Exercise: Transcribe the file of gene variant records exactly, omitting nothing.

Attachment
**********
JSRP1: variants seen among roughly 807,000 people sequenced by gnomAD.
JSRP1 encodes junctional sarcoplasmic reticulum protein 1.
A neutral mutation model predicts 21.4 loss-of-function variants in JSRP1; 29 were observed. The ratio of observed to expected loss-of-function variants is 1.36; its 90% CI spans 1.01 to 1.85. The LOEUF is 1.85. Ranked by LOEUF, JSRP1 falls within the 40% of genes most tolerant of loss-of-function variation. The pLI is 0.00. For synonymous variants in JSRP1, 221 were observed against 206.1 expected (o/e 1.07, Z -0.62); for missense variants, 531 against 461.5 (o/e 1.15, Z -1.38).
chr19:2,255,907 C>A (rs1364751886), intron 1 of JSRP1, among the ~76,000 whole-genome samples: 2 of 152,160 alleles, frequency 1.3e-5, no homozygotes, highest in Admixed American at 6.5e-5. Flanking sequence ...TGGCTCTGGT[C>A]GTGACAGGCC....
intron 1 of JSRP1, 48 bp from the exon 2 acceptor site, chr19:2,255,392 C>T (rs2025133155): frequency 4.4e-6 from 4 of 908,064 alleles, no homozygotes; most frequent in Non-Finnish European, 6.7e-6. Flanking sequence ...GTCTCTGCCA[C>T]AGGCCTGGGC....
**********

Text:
JSRP1: variants seen among roughly 807,000 people sequenced by gnomAD.
JSRP1 encodes junctional sarcoplasmic reticulum protein 1.
A neutral mutation model predicts 21.4 loss-of-function variants in JSRP1; 29 were observed. The ratio of observed to expected loss-of-function variants is 1.36; its 90% CI spans 1.01 to 1.85. The LOEUF is 1.85. Ranked by LOEUF, JSRP1 falls within the 40% of genes most tolerant of loss-of-function variation. The pLI is 0.00. For synonymous variants in JSRP1, 221 were observed against 206.1 expected (o/e 1.07, Z -0.62); for missense variants, 531 against 461.5 (o/e 1.15, Z -1.38).
chr19:2,255,907 C>A (rs1364751886), intron 1 of JSRP1, among the ~76,000 whole-genome samples: 2 of 152,160 alleles, frequency 1.3e-5, no homozygotes, highest in Admixed American at 6.5e-5. Flanking sequence ...TGGCTCTGGT[C>A]GTGACAGGCC....
intron 1 of JSRP1, 48 bp from the exon 2 acceptor site, chr19:2,255,392 C>T (rs2025133155): frequency 4.4e-6 from 4 of 908,064 alleles, no homozygotes; most frequent in Non-Finnish European, 6.7e-6. Flanking sequence ...GTCTCTGCCA[C>T]AGGCCTGGGC....